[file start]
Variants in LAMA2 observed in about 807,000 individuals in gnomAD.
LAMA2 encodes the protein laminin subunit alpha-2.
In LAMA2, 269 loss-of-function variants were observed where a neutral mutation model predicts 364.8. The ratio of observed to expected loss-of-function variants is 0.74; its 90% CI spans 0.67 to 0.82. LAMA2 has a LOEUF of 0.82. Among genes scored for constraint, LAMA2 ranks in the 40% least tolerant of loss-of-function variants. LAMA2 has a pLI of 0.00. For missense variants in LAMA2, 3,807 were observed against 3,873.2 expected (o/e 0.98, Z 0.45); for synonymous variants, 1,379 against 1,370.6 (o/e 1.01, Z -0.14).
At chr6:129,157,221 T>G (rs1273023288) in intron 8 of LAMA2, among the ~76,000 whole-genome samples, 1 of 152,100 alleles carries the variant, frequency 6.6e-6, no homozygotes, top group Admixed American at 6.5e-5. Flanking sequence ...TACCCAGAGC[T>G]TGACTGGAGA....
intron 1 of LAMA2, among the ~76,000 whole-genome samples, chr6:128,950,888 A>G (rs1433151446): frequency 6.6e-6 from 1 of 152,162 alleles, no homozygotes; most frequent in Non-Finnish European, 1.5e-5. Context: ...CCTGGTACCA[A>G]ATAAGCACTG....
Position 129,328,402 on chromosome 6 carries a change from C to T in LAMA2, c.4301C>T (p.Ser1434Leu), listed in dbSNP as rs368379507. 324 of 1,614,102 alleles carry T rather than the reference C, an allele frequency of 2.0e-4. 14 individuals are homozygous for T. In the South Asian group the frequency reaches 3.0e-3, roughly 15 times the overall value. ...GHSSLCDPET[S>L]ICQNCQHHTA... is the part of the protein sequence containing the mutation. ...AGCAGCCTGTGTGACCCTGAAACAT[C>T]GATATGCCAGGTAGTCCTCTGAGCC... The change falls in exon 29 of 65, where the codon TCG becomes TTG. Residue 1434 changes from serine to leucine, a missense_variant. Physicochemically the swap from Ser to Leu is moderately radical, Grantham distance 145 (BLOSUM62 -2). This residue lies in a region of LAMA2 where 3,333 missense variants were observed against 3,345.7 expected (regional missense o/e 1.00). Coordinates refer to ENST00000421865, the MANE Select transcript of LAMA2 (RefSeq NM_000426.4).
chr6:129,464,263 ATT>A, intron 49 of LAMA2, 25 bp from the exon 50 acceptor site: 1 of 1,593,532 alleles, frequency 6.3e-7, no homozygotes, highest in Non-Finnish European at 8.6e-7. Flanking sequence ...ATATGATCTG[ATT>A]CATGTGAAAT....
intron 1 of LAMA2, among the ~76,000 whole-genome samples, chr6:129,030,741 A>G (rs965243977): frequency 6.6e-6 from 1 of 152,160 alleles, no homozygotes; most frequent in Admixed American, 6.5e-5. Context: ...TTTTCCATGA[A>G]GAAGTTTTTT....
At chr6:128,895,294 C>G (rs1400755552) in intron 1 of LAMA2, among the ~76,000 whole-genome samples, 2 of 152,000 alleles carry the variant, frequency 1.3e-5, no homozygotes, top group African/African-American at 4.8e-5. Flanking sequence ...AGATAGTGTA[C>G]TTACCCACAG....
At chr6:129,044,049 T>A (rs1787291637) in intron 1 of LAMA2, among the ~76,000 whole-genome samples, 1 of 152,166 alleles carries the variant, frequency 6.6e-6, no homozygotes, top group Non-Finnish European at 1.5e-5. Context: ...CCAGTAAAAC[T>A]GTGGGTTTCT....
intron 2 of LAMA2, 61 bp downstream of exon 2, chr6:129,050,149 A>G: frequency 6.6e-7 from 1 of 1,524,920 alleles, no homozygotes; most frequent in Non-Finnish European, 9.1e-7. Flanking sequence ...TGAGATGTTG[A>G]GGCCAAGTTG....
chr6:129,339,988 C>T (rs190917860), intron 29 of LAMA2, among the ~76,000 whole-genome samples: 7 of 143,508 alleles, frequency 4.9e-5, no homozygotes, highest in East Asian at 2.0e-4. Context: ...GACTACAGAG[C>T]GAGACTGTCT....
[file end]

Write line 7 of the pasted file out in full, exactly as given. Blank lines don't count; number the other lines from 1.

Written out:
chr6:129,464,263 ATT>A, intron 49 of LAMA2, 25 bp from the exon 50 acceptor site: 1 of 1,593,532 alleles, frequency 6.3e-7, no homozygotes, highest in Non-Finnish European at 8.6e-7. Flanking sequence ...ATATGATCTG[ATT>A]CATGTGAAAT....